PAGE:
Officials: Hurricanes a Catch-22 for wildfires

Major storms can be a good thing for forests, but the dry debris left behind is a wildfire hazard, according to Florida Forest Service officials.


By Laurie K. Blandford
Treasure Coast Newspapers 

Hurricanes can be a Catch-22 as they relate to wildfires.

Major storms such as Hurricane Irma can be a good thing for forests, but the dry debris left behind creates a wildfire hazard, according to Florida Forest Service officials.

“It’s like a cleaning of our forests,” said Melissa Yunas, wildfire mitigation specialist for the Treasure Coast. “All we have to do is pick it up off the ground.”

State and county parks have crews to clean public lands, Yunas said, and they’ve been picking up Irma debris and clearing trails of dead branches and weakened limbs.

The concern comes when undeveloped properties have piles of vegetation that dry out within just a few days and become kindling, she said. Although the typical dry season begins in mid- to late October, wildfires in Florida occur any time of the year.

Homes vs. vacant lots

Most residents can clear debris from their own yards, roofs and gutters, then pile it on the side of the road for pickup. That includes using a chainsaw to cut up felled trees.

But some people aren't physically able and must depend on others to help, Yunas said.

“The accumulation of debris invites a wildfire home,” she said. “We need to help our neighbors out or encourage them to clean up their debris in and around their houses because it is a wildfire risk.”

Some rural residents burn their debris in small piles — hopefully in compliance with state rules, Yunas said — but that increases the risk of wildfires because embers and flames can escape.

Wildfires are a greater risk for residents who live next to big, undeveloped properties.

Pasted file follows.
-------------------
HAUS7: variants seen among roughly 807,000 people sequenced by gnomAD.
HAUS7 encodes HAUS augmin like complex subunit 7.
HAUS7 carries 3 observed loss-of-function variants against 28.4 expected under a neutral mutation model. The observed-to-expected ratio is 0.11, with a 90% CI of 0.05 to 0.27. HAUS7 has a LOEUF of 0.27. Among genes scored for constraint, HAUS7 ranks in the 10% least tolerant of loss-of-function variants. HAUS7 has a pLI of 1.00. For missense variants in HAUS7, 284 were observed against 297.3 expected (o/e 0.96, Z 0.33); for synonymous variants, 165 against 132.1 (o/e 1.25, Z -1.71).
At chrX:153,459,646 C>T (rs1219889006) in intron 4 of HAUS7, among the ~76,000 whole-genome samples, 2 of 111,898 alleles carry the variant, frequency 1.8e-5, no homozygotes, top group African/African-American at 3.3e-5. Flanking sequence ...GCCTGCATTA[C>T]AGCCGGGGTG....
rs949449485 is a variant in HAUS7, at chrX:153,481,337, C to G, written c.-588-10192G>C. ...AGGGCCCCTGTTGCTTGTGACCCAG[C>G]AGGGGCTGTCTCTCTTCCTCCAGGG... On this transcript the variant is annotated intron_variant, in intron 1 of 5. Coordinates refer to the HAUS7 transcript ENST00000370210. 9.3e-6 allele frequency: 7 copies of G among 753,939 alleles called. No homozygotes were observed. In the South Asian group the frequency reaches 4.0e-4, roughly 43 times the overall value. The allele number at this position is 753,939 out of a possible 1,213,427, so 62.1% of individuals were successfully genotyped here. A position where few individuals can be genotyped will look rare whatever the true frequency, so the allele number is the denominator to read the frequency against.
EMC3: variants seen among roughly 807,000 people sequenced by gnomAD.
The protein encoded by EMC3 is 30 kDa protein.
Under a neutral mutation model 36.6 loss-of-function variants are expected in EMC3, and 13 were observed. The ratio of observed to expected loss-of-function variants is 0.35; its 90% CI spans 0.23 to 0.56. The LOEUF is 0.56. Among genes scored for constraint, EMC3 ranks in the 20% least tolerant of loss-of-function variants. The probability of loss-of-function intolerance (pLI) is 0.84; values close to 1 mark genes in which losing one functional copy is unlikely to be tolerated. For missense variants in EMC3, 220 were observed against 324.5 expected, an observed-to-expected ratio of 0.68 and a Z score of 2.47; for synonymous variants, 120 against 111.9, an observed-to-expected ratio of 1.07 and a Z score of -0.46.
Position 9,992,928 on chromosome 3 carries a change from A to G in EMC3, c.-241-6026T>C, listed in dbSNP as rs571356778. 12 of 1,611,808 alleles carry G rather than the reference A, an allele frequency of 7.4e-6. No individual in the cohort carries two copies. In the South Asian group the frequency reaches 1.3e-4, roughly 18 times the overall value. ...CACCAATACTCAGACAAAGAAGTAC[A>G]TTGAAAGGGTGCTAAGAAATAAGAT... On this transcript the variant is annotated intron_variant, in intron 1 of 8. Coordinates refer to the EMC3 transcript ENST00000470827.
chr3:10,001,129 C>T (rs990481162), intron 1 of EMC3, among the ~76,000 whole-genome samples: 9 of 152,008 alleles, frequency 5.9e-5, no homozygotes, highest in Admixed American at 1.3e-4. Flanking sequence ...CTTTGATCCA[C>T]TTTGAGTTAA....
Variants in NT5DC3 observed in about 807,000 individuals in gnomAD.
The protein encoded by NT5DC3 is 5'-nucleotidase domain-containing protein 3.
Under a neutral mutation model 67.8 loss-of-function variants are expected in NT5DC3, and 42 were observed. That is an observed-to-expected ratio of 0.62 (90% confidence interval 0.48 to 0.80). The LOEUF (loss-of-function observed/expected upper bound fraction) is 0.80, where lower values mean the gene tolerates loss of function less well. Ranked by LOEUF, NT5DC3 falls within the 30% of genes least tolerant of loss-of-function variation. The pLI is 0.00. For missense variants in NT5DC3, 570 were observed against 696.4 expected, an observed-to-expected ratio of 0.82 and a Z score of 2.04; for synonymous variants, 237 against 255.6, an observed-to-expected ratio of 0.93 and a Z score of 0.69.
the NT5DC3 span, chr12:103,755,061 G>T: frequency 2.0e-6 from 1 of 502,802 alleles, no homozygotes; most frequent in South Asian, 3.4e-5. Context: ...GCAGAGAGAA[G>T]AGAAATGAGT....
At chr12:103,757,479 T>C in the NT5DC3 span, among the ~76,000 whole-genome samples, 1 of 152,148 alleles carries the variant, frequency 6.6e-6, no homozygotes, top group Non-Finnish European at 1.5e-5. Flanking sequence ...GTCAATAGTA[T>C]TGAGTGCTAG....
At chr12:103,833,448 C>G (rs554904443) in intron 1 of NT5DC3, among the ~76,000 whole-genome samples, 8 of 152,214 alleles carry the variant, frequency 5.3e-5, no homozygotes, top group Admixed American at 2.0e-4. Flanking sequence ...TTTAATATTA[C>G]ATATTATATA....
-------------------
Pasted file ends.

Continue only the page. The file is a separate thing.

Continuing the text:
“When you have a large parcel of land, maybe 3 to 5 acres or more, then the fire could easily pick up momentum and speed like a locomotive,” Yunas said.

Fallen trees on undeveloped land often remain on the ground, blocking roads and access for firefighters.

“Our bulldozers can get in there, but it’s just going to take a little more time moving that tree or finding access around that tree,” Yunas said. “It’s going to take a lot more equipment and manpower to put these fires out.”

More harm than good

Strong winds can help eliminate weaker, problematic trees, said senior forester Mark Torok. But if the wind is too strong, it can kill healthy trees.

“Hopefully, these trees that failed during the storm will be replaced by a better tree species or the same tree species with a better tree structure form or a better grade tree,” Torok said.

Hurricanes have negative effects on the environment as a whole, he said. Fewer trees and leaves means less carbon storage and oxygen production from their foliage.

Trees that were in great health before a storm — especially the South Florida slash pine found across Martin, St. Lucie and Indian River counties — can become stressed and hazardous afterward, he said. Some stressed trees emit pheromones that attract native pine beetle invasions.

“Storms, like some wildfires, can do a natural spring-cleaning process for the weak or problematic trees in the rural forest and in the urban forest,” Torok said. “However, when storms become too extreme or strong — like when a wildfire becomes too hot — they can cause more harm than good.”

Some of the trees that appear burned and dead can recover, depending on what stage of dormancy they were in at the time of the hurricane, and if the bugs don’t take over, Yunas said.

“Right now’s the test to see if they can survive,” Yunas said.

Copyright 2017 Treasure Coast Newspapers 

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